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Create jobs by holding down taxes

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POSTED: February 10, 2010 10:06 a.m.
The U.S. Constitution begins with arguably the most powerful words in the English language, “We the People” not “we the government.”
The government exists at the will of the people to work for the people. During tough economic times, many forget this and suggest greater government controls and intervention to “help” the people. Taxation, litigation and regulation have proven to only restrict and confine the economy; rather than encourage growth and expansion. As elected officials, we have a duty and responsibility to work to expand opportunity and create an environment where Georgians can pursue the American dream.
This legislative session poses to be one of our most challenging ones yet. With 10 percent state unemployment, state revenues at an all time low and property values plummeting, it is hard to find a Georgian who has not felt the impact of these economic conditions. This is why it is so critically important that the legislature focus on creating jobs and opportunities for our communities. The greatest stimulus for a robust economy comes from an economic environment that encourages opportunity, productivity and innovation. The hard-working people of Georgia – not big government – are the key to our economic prosperity.
Republican leaders in the Senate and House recently announced the Jobs, Opportunity, and Business Success Act of 2010 (JOBS Act of 2010) to provide Georgia businesses the tools they need to create jobs. This legislation is designed to stimulate the state’s economy by providing incentives for businesses to expand and invest in hiring new employees and also attract new businesses to move to Georgia.
Some economists suggest that providing tax breaks will cause further declines state revenues. They would rather put money in the pocket of the government rather than the people. This theory is simply not true. State revenues mainly come from two areas – income taxes and sales taxes. If people aren’t working, they aren’t paying taxes and state revenues continue to decline. The tax breaks from the JOBS Act of 2010 occur two years after a company has taken a worker off of unemployment. This puts Georgians back to work, generating state revenues and increasing personal spending in the market place. One reason Georgia has fared so much better than other states is that we are one of the lowest taxed states in the country, while also having the lowest debt per capita in the nation.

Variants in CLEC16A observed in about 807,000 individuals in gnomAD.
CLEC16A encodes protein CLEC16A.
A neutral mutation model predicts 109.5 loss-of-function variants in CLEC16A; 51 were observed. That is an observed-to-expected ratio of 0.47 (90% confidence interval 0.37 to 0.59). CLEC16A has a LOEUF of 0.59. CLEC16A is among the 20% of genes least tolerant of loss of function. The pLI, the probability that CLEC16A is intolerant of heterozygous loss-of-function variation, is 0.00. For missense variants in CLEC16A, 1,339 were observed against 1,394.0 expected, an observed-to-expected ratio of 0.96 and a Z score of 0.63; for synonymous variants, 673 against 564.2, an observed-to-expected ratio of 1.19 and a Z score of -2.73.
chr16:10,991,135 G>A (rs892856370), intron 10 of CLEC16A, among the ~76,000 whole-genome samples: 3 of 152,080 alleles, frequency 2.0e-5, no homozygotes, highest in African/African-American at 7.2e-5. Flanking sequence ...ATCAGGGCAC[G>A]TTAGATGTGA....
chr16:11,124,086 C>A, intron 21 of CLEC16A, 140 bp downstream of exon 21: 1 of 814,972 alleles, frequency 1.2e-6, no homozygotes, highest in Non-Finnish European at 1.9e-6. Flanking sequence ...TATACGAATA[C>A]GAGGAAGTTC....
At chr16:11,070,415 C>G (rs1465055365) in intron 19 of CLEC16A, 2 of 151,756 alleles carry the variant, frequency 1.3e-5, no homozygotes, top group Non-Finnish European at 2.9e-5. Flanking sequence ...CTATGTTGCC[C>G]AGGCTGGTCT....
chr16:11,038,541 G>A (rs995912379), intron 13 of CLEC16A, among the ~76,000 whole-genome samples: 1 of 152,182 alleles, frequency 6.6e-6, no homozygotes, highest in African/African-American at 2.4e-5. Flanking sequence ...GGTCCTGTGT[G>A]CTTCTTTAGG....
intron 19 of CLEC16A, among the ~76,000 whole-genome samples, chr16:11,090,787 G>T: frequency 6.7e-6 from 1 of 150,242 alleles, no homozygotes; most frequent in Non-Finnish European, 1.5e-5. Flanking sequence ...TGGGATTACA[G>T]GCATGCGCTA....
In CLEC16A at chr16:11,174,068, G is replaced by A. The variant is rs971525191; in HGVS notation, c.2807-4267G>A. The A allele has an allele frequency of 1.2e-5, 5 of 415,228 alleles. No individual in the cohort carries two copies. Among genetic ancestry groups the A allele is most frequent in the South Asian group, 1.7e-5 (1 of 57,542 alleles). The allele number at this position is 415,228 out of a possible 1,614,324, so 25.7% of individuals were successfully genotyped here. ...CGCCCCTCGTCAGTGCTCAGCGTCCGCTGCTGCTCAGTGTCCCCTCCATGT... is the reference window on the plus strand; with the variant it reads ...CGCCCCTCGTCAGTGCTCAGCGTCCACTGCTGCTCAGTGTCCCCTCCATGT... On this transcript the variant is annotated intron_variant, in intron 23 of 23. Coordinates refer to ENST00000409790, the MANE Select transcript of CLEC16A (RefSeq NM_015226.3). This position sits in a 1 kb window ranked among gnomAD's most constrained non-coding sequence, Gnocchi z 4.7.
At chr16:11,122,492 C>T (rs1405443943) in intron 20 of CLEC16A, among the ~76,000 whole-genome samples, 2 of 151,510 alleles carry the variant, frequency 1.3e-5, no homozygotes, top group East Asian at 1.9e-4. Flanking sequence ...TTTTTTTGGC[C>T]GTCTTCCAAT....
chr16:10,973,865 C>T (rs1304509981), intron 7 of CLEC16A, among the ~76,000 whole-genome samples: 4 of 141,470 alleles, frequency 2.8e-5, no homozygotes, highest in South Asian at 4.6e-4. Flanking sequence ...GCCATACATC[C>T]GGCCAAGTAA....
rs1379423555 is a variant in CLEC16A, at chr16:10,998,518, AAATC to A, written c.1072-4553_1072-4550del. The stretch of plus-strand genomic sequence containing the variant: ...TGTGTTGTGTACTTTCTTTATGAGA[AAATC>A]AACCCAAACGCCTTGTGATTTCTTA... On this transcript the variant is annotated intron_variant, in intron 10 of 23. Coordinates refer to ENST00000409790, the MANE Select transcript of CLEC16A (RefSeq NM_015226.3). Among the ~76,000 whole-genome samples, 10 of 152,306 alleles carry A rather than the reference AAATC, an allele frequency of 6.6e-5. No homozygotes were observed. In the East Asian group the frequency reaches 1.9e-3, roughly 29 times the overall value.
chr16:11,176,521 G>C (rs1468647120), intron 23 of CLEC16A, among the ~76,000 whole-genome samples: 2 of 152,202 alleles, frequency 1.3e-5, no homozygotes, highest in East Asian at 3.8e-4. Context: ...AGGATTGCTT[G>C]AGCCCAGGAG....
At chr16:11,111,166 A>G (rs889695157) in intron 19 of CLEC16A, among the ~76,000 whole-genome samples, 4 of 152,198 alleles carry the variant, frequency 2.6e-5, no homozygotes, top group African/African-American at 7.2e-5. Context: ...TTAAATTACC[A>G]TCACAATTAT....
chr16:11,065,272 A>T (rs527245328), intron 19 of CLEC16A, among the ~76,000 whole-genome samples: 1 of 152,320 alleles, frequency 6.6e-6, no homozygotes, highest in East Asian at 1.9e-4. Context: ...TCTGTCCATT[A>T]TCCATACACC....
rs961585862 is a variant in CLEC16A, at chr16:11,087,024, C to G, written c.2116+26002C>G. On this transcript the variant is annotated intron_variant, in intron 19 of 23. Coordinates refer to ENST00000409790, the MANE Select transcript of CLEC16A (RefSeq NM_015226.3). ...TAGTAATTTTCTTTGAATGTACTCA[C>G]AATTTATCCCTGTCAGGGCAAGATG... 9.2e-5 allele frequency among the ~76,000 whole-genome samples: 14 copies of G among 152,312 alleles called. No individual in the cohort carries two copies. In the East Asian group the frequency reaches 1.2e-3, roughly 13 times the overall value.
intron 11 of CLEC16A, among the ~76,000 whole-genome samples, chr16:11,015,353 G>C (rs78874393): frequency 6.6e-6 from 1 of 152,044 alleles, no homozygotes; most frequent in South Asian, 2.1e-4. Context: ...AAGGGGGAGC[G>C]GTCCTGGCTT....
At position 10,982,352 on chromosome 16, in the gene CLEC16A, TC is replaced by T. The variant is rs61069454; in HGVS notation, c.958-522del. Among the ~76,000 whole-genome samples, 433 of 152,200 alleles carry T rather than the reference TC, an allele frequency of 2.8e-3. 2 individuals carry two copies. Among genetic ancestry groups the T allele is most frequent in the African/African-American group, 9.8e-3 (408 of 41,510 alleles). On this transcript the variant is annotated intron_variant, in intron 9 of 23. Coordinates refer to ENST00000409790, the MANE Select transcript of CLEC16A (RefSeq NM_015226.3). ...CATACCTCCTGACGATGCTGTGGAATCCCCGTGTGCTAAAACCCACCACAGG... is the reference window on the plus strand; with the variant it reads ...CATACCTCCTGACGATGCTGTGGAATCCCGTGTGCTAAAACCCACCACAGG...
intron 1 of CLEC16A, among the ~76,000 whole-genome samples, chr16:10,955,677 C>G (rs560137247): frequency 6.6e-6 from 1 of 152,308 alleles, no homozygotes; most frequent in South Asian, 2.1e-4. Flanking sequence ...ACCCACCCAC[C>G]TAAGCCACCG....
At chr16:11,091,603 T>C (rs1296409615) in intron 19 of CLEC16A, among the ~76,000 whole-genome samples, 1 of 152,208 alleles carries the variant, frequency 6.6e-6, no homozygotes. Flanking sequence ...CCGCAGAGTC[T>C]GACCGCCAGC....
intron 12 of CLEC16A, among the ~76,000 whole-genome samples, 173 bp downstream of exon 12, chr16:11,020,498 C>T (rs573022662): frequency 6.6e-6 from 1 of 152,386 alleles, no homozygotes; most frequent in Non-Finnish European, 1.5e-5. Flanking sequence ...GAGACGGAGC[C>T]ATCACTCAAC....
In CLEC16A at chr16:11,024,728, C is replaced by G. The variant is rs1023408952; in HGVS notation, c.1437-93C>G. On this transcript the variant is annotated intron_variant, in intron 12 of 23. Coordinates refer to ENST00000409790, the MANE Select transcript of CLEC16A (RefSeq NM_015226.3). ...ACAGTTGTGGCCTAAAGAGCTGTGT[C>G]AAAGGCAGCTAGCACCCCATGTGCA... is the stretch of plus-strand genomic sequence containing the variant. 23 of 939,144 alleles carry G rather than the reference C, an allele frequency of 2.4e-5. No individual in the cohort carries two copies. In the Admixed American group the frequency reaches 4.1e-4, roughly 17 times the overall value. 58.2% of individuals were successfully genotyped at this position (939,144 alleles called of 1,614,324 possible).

A government overburdening its citizens with taxes is not the solution to economic recovery and increasing revenues. One area that Georgia needs to improve is how we tax, specifically on property. Property is the only thing taxed that is not based on income. If you don’t have a job, you don’t pay income taxes. If you aren’t spending money, you’re not paying sales taxes. However, you will always have to pay your property tax regardless of your financial situation. I find this to be inherently wrong. As much as I would like to go the fair tax plan, we do not have the two-thirds vote required to pass it. Therefore, the Senate proposed a property tax assessment and appeals reform bill with more than 40 changes to Georgia’s tax system.
Property values in Georgia have fallen drastically over the past few years. Assessed values have not kept pace, resulting in property taxes for many property owners being artificially high. Homeowners, business owners, tax assessors, and property lawyers provided the Senate valuable information for over a year as to the flaws, challenges and suggested solutions to the system. As a result, Senate leaders worked with everyone in the industry and achieved bi-partisan support to overhaul Georgia’s property tax system. Changes to the assessment and appeals system include year-round assessment appeals, all comparable sales including foreclosures and banks sales must be applied, and the “view factor” will be eliminated as a way to determine value. The proposed changes to assessments and appeals will ease burdens on property owners, but also achieve efficiency for the process and for county governments.

Williams serves as the Senate’s president pro tempore. He represents the 19th Senate District, which includes  all of Long County and part of Liberty. He can be reached at (404) 656-0089 or by email at tommie.williams@Senate.ga.gov.

 

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